Sibylla of Jerusalem

From Academic Kids

Sibylla of Jerusalem (c. 1160 - 1190) was Queen of Jerusalem from 1186 to 1190. She was the eldest daughter of Amalric I of Jerusalem and Agnes of Courtenay and sister of Baldwin IV. Her grandmother Queen Melisende had provided an example of successful rule by a queen regnant earlier in the century.



Sibylla was raised by her great-aunt, the abbess Ioveta of Bethany, sister of former Queen Melisende of Jerusalem, who founded the convent of St. Lazarus in Bethany for her sister in 1138, and died there in 1163. In the convent Sibylla was taught scripture and other church traditions. Though not raised by her mother, Sibylla would later become closer with Agnes and inherit her political supporters.

Once her brother became king as Baldwin IV, she was his heir and her choice of husband was of paramount concern in the kingdom. Raymond III of Tripoli, in his capacity as regent during Baldwin's minority (and beyond, as the king spent his brief adult life dying of leprosy), arranged for Sibylla to marry William Longsword of Montferrat, the newly created count of Jaffa and Ascalon. In autumn 1176 they were married. William died by June the following year, leaving Sibylla widowed and pregnant. In the tradition of the dynasty, Sibylla named her son Baldwin.

The widowed princess remained a prize for ambitious nobles and adventurers seeking to advance themselves and take control of Jerusalem. Philip of Flanders, a distant cousin of Sibylla, arrived in 1177 and demanded to have the princess married to one of his own vassals. By marrying Sibylla to his vassal, Phillip could control the kingship of Jerusalem. The Haute Cour of Jerusalem, led by Baldwin of Ibelin, rebuffed Philip's advances. Affronted, Philip left Jerusalem to campaign in Antioch. Additionally, the Ibelin family manoeuvered to have the princess marry one of their own.

Baldwin of Ibelin certainly was among the courtiers who called upon the princess, and a relationship may have developed between them. The chronicler Ernoul wrote a romantic passage in which Baldwin was captured and imprisoned in 1179 by Saladin. According to Ernoul, Sibylla wrote to Baldwin suggesting they wed when he was released. Perhaps knowing of the relationship between the princess and his prisoner, Saladin demanded a large ransom, which Baldwin himself could not pay, although Saladin did release Baldwin on security. Once released, Baldwin went to the court of the Byzantine emperor. There he received a grant from Emperor Manuel, the emperor previously receiving confirmation from his niece, the dowager queen Maria Comnena, of the likelihood of the Sibylla-Baldwin match. According to Bernard Hamilton, it could be assumed the emperor was investing in the future good-will of the king-consort of Sibylla.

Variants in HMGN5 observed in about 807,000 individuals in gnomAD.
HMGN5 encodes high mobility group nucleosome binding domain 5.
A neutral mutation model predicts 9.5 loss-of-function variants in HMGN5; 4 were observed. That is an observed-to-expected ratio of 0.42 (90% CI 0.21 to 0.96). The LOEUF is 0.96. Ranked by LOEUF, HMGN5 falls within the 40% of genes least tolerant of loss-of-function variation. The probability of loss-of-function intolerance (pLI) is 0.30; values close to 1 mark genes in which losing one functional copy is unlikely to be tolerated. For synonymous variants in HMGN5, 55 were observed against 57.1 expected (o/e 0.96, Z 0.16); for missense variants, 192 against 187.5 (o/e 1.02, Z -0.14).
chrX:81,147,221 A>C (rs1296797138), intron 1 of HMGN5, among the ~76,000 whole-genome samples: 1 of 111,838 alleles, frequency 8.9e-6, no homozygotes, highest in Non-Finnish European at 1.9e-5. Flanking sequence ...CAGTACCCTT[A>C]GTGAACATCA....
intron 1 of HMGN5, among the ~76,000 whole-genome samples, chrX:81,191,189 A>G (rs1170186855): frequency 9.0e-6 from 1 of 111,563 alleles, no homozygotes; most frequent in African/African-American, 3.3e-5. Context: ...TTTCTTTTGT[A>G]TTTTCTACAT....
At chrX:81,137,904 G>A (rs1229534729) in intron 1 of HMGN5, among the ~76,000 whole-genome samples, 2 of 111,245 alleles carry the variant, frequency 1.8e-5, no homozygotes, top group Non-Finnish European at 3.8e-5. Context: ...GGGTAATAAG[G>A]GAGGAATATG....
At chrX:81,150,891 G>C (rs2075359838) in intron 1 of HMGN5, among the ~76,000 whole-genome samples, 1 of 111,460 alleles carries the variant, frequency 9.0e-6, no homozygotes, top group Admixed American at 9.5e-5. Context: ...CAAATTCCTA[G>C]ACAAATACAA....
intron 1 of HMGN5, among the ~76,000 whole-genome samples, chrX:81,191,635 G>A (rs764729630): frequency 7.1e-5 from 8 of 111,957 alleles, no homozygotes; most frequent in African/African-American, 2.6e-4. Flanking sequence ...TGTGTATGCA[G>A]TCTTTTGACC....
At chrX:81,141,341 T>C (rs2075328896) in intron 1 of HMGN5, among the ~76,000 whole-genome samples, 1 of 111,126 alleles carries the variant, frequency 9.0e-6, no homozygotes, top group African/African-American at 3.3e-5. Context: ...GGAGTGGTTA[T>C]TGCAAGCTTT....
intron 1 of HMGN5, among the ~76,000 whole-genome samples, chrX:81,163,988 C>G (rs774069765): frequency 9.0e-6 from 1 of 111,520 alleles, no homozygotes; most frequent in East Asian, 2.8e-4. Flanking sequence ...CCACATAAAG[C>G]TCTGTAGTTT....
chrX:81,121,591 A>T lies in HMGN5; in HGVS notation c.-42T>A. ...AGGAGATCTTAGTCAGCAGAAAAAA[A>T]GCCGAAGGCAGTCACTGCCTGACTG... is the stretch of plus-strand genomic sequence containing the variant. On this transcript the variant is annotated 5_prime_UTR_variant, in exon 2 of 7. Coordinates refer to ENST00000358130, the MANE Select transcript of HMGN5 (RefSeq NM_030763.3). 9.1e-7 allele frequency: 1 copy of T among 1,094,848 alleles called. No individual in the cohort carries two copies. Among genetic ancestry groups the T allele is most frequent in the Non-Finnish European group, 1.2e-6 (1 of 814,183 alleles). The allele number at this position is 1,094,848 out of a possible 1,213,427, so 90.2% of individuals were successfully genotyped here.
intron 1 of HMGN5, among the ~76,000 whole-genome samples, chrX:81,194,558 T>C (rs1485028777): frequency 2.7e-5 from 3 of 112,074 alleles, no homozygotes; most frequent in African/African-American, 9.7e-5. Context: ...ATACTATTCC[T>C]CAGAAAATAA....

All these plans were wrecked however, when on Easter, 1180, Raymond III of Tripoli (the former regent) and Bohemund III of Antioch entered the kingdom with the intent of choosing a husband for Sibylla themselves.

Baldwin IV's reign

Agnes of Courtenay, now back at court, advised her son to have Sibylla married to the newly-arrived Frankish knight Guy of Lusignan, her client, brother of her personal constable, Amalric of Lusignan (who was said to be her lover). Guy offered Agnes his loyalty; in exchange Agnes promoted his interests. By this Agnes hoped to foil any attempt by Raymond and Bohemund, her political rivals, from marrying her daughter into the rival court faction, led by the Ibelins. At any rate, Baldwin of Ibelin was himself still in Constantinople. With pressure mounting to have to have the Heir Presumptive wed, the marrage was hastily arranged.

Sibylla bore her new husband two daughters, Alice and Maria. Initially Baldwin IV vested much authority in Guy, appointing him his regent during times of his own incapacitation. But within a year the king was offended and enraged by Guy's behaviour as regent. Guy overlooked his favourite Raynald of Chatillon's harrassment of trade caravans between Egypt and Syria. Raynald of Chatillon threatened the accord between Jerusalem and Egypt. Baldwin IV deposed Guy as regent in 1183 and attempted to have Sibylla's marriage annulled through-out 1184. Though her husband was in disgrace for his behaviour as regent, it does not seem that Sibylla herself was held in disfavour.

The king was unsuccessful in his attempt to annul the marriage and therefore he decided to alter the succession: Baldwin V, Sibylla's infant son from her first marriage was placed in precedence over Sibylla, and a process decreed to choose the monarch afterwards between her and her half-sister Isabella, who despite being younger, was at that point was considered equally entitled to succeed. Sibylla herself though was not excluded from the succession. Guy had become very unpopular and the king could not let him have even an indirect influence in government. Agnes advanced the compromise that would place Baldwin V above Sibylla in the order of succession, with Raymond III of Tripoli acting as regent for Baldwin V.